If the RSS distance between two fingerprints is lower than the threshold, a new edge is created between the corresponding nodes. There will of course be at least one such edge within the current window (it will later be ignored). However, the RSS distances to steps recorded long before the current window are also checked and thus edges may also be created to nodes occupied much earlier. These are the ones potentially adding important information: they indicate that the trajectory possibly passes locations covered earlier. We then define the error functions in equation (5) which can represent the inconsistency in terms of vicinity between RSS space and coordinate space:

(10)

where is the Euclidean distance between and . For the nodes whose RSS distance are under the previously mentioned median , we treat those with also very close distance in coordinate as totally consistent (error is zero) and nodes with distinctly different coordinate positions as totally inconsistent (error equals a fixed maximum). However, we also introduce some fuzziness in the vicinity of and by linearly increasing the error. Herein is set to be 2m and is set to be 30m.

Iii-B3 Constrains between multiple trajectories

In aforementioned use cases, crowdsourced data are needed for positioning multiple agents and building a radio map for a large area. As Fig. 2 shows, the graphs for multiple trajectories are built in a way which appears to be a single trajectory. The differences are twofold. (1) IMU based edges (red lines) exist between adjacent nodes from the beginning to the end within the same trajectory; they do not exist between trajectories. (2) We do not form Wifi based edges (green lines), if two nodes of the same trajectory are near in time or distance, because they naturally satisfy the edges as described in [6088632].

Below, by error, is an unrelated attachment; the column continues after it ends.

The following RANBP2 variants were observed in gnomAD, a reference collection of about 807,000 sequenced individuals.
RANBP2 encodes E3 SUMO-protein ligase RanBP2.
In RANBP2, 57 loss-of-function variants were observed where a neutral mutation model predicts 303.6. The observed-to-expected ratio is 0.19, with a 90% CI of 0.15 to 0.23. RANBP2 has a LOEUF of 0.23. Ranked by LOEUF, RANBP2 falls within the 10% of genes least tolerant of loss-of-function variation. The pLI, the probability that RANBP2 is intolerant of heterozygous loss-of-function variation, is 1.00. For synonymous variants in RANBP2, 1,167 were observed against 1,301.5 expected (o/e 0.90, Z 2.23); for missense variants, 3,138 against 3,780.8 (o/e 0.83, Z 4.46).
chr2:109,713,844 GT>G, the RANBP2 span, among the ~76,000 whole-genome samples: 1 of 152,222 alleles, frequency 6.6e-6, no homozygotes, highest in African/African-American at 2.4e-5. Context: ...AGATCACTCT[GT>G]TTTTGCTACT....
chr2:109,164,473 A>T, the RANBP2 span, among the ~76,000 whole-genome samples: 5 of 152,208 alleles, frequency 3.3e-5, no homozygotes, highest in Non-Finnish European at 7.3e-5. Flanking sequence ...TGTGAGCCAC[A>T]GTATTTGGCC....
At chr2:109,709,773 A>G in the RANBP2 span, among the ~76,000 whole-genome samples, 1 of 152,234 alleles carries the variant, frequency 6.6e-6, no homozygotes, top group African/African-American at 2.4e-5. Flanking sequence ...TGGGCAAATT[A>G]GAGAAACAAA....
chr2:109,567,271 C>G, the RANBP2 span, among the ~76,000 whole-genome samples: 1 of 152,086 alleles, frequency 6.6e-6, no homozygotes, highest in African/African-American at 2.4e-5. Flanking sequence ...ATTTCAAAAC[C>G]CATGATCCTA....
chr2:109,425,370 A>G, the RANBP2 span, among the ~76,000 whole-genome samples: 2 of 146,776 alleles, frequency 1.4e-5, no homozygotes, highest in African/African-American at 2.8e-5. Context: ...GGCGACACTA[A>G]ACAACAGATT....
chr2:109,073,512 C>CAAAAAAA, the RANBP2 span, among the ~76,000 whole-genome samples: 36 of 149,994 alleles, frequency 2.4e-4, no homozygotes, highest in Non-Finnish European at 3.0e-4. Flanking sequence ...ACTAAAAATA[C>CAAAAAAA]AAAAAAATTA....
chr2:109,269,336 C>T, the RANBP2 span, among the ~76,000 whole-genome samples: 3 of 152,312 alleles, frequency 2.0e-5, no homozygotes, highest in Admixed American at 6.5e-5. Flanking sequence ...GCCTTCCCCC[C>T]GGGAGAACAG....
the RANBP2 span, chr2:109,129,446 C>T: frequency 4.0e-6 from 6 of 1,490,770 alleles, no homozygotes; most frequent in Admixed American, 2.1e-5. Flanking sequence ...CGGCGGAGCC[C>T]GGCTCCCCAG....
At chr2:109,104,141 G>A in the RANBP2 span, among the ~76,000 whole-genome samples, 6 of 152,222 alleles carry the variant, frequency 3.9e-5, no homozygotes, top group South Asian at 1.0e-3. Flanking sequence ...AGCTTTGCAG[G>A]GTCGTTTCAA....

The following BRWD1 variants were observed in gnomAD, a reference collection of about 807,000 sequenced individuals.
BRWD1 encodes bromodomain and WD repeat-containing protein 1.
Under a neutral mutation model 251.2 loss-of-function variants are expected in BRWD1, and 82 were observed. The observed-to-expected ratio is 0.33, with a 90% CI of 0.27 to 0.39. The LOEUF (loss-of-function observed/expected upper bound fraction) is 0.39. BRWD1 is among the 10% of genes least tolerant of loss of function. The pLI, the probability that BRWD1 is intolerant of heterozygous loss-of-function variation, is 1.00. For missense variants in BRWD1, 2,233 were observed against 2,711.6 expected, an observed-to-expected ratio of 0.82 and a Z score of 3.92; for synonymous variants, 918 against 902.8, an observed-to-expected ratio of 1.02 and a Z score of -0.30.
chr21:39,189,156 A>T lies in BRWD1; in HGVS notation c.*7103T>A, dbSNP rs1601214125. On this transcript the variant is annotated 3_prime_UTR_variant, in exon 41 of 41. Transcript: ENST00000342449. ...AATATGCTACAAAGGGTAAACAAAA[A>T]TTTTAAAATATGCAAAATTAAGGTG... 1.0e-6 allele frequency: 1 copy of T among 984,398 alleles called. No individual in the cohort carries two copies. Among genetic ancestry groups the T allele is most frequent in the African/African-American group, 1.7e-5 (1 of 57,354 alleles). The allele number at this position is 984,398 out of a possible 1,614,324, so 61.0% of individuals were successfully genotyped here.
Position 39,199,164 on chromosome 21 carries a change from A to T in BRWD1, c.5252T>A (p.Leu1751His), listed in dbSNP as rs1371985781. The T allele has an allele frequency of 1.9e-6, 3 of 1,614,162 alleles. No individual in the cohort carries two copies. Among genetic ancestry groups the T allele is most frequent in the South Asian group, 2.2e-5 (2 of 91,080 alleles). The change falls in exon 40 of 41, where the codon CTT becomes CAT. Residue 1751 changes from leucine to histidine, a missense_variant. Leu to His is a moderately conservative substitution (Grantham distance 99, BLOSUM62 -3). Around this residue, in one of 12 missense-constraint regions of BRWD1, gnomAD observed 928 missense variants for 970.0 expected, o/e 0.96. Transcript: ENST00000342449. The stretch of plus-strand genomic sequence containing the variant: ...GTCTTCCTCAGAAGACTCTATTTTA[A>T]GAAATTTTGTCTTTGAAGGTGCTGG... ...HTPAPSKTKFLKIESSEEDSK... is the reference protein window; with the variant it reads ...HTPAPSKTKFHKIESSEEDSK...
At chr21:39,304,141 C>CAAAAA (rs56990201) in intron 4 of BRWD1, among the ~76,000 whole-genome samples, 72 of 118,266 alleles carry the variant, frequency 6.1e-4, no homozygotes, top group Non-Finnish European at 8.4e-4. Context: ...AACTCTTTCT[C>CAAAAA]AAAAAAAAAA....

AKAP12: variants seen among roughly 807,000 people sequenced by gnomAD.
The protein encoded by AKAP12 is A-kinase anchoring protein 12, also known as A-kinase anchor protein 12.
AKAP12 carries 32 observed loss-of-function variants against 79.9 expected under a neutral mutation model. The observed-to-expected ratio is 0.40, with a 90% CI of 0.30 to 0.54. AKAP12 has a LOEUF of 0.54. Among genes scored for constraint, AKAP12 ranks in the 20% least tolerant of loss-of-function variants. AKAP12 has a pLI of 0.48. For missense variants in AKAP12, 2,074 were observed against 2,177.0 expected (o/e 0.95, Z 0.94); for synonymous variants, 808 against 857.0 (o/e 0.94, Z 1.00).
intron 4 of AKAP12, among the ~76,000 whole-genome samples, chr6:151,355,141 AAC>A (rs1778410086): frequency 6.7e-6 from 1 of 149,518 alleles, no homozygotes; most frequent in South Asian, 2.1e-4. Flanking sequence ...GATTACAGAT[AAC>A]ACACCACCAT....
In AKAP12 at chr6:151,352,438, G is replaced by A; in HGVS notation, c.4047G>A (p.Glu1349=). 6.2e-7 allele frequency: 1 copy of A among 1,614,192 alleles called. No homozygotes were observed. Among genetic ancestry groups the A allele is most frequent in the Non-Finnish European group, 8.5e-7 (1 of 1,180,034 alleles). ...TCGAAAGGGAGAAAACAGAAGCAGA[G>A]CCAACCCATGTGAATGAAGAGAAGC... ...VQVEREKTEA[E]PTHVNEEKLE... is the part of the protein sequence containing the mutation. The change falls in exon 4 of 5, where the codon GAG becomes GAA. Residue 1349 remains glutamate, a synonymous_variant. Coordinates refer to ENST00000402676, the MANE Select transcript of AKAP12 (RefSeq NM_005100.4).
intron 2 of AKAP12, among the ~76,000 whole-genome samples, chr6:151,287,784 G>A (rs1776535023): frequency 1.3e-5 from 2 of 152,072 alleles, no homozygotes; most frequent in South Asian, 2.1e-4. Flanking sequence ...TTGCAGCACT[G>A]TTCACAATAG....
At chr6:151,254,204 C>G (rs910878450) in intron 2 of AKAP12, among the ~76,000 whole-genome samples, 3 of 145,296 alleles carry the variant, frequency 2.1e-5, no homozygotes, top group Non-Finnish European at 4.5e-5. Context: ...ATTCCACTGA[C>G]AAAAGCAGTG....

Fig. 2: A illustration for graph constructed from multiple trajectories. Red lines are IMU based edges between adjacent nodes within a trajectory. Green lines are RSS based edges within a trajectory (not completely drawn). Blue lines are RSS based edges between trajectories.